> protocols taking off, but I imagine we'll get a few new ones announced
> and then quietly forgotten as before.
> And lastly: once your network gets really big, OSPF tables can get too
> large - and you're stuck either dividing your OSPF zones and/or using
> some BGP in interior mode. You can mitigate this with some careful
> design.
> -- unsnip --
> I don't suppose you have ever had any ideas to how to improve things?
> >
> > > Babel is so simple that toke wrote a near complete implementation from
> > > the spec, in python, during a string of extremely boring IETF
> > > meetings, over the course of a week. He later took on the bird port.
> >
> > This is not correct.  Babel was first reimplemented in Python during two
> > nights during an IETF meeting by Markus Stenberg.  As to Toke, he did the
> > BIRD reimplementation in C during a Battlemesh meeting, and it took him
> > a whole four days.  I later did a minimal implementation in C, which
> > compiled to 20kB of x86 code.
> You're working on galene, now, primarily? How's android treating you?
> >
> > > I forget what happened to toke's python version).
> >
> > Markus Stenberg's.  It's still available, but fairly obsolete due to
> > advances in babeld and BIRD.
> >
> >   https://github.com/fingon/pybabel
> yea!
> > > Althea is using babel and fq_codel in their blockchain routing thing
> > > (I reserve comment), and I don't know where else, besides as part of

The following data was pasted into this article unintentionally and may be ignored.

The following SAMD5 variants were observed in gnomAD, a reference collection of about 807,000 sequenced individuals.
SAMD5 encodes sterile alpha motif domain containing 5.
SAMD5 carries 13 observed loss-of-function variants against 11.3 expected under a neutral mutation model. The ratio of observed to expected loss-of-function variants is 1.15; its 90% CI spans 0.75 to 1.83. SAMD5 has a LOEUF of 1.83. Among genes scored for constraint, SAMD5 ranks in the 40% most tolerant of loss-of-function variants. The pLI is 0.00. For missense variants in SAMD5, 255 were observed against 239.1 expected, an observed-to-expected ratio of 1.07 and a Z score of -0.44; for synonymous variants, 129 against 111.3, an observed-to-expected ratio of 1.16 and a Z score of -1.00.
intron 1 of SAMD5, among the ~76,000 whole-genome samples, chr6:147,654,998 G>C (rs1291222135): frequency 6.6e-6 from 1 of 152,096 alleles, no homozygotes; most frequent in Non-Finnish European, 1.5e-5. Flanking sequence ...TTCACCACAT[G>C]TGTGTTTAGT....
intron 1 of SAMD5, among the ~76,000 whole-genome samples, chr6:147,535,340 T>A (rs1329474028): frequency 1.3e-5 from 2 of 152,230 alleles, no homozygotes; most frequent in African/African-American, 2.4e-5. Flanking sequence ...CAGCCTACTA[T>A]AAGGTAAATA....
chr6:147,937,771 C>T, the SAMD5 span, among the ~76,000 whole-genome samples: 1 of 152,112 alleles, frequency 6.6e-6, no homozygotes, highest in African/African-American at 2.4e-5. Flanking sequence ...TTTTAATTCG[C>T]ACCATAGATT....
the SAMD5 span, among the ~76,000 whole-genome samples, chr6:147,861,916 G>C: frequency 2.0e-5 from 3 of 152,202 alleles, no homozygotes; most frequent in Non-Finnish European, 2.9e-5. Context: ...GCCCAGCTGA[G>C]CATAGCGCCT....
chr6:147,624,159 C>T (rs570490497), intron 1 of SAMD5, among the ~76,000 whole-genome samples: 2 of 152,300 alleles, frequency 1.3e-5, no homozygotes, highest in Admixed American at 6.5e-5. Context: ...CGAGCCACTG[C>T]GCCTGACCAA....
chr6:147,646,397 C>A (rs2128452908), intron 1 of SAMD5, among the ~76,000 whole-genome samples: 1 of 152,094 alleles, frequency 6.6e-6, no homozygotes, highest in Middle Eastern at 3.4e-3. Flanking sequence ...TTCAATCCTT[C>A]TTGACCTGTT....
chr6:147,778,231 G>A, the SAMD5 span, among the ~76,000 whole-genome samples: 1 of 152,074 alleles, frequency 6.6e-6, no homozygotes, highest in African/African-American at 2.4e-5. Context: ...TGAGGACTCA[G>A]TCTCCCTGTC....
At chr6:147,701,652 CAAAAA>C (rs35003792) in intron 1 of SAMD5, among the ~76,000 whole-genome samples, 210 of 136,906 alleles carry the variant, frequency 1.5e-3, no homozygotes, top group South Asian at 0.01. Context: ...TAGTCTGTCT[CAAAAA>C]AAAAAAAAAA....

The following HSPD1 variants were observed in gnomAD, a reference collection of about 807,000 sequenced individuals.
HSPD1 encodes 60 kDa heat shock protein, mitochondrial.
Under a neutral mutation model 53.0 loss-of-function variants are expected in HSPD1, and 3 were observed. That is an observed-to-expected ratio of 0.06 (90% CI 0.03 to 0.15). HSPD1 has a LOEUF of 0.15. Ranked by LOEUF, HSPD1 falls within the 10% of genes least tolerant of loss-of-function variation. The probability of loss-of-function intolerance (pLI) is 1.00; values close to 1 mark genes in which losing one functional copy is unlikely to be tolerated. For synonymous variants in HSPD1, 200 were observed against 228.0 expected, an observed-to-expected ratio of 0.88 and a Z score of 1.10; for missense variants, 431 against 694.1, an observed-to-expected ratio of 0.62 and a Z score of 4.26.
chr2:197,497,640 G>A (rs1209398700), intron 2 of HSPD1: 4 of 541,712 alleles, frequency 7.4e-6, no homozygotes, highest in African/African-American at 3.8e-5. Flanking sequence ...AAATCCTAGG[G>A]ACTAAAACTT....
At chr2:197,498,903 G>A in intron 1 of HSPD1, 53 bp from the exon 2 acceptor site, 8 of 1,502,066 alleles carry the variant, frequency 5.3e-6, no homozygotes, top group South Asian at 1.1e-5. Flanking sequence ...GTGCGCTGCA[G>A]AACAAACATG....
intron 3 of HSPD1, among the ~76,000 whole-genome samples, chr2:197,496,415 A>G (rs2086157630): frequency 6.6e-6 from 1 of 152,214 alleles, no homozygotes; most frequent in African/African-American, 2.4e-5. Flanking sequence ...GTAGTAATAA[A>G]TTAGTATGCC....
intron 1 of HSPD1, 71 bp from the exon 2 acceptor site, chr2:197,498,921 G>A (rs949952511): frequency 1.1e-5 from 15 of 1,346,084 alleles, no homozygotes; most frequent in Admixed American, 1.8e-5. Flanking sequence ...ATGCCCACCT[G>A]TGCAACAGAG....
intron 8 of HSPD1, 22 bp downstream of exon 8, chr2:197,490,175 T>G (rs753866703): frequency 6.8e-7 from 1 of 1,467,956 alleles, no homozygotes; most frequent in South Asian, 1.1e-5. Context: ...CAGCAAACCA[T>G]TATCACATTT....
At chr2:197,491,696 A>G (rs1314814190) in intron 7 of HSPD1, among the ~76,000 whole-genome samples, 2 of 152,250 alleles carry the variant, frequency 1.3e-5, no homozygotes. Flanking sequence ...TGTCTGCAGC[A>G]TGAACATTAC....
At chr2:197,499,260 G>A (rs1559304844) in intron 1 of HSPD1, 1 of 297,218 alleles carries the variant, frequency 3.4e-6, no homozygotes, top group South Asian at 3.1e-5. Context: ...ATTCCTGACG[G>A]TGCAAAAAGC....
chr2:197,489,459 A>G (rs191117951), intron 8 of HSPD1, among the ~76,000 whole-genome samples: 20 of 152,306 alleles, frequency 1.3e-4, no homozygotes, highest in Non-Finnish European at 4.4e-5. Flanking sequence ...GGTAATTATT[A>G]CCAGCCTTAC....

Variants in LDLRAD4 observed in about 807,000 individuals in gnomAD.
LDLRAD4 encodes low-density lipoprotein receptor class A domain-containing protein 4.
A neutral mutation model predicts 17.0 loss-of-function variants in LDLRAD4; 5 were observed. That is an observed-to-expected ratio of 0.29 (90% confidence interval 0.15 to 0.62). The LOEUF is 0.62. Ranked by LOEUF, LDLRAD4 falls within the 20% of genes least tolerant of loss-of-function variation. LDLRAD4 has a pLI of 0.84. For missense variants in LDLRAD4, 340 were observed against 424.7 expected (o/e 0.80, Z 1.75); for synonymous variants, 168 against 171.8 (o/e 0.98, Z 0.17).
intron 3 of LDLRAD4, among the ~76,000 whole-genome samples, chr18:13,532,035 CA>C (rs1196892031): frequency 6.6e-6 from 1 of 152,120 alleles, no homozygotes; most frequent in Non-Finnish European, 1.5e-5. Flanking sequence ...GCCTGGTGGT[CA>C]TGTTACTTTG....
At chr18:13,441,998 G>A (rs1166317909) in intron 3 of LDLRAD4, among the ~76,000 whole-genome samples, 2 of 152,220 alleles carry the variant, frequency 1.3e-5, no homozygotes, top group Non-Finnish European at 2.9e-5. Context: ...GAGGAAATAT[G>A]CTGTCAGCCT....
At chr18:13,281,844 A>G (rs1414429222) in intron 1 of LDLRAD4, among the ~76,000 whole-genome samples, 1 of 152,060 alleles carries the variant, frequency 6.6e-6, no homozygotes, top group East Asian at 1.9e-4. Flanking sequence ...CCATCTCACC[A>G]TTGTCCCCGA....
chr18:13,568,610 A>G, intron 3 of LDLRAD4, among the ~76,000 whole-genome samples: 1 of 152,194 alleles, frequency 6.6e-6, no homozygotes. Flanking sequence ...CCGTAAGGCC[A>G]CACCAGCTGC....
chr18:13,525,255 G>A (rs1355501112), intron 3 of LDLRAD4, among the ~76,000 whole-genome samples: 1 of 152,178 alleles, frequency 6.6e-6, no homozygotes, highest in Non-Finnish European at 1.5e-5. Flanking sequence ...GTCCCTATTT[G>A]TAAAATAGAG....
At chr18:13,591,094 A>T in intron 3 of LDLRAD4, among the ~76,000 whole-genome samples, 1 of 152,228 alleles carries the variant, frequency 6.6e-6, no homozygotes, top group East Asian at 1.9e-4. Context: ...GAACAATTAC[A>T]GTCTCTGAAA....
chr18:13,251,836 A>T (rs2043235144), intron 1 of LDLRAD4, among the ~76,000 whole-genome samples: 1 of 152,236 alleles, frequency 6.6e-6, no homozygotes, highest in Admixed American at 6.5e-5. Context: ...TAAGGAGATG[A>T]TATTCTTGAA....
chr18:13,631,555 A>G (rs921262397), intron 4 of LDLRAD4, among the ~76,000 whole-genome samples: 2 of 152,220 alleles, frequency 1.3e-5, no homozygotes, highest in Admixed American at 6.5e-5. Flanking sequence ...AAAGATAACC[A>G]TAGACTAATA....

> > > wireguard tunnels, babel is being used today.
> >
> > Now that Babel is no longer a legitimate research project, the main user
> > and main source of funding for Babel are Nexedi, who use it in their
> > distributed cloud
> >
> >   https://www.nexedi.com/
> If you can stomach it, I have a copy of althea's most current preso,
> which I can send under separate cover. They scored 15 out of a 100 on
> a funding round with it, but there babel and fq_codel were, with an
> rtt metric on page 16...
> At least they leave breadcrumbs back to where the actual good ideas
> came from. Many others in web3 haven't.
> >
> > But I agree with you, Dave, Babel did not take over the world.  The main
> > reason, I suspect, is that OSPF is very good, and that most people are
> > happy enough with it.
> Everything can be improved.
> > Notwithstanding that, we're still maintaining both the standalone babeld
> > and Toke's BIRD module, and we've been busy extending the protocol with
> > source-specific routing, with v4-via-v6 routing, with MAC protection.
> I am so in love with v4 via v6. It's just having to wait 6+ years for
> places like mikrotik to ship it that I can't stand.
> >
> > -- Juliusz
> --
> This song goes out to all the folk that thought Stadia would work:
> https://www.linkedin.com/posts/dtaht_the-mushroom-song-activity-6981366665607352320-FXtz
> Dave Täht CEO, TekLibre, LLC

This song goes out to all the folk that thought Stadia would work:
Dave Täht CEO, TekLibre, LLC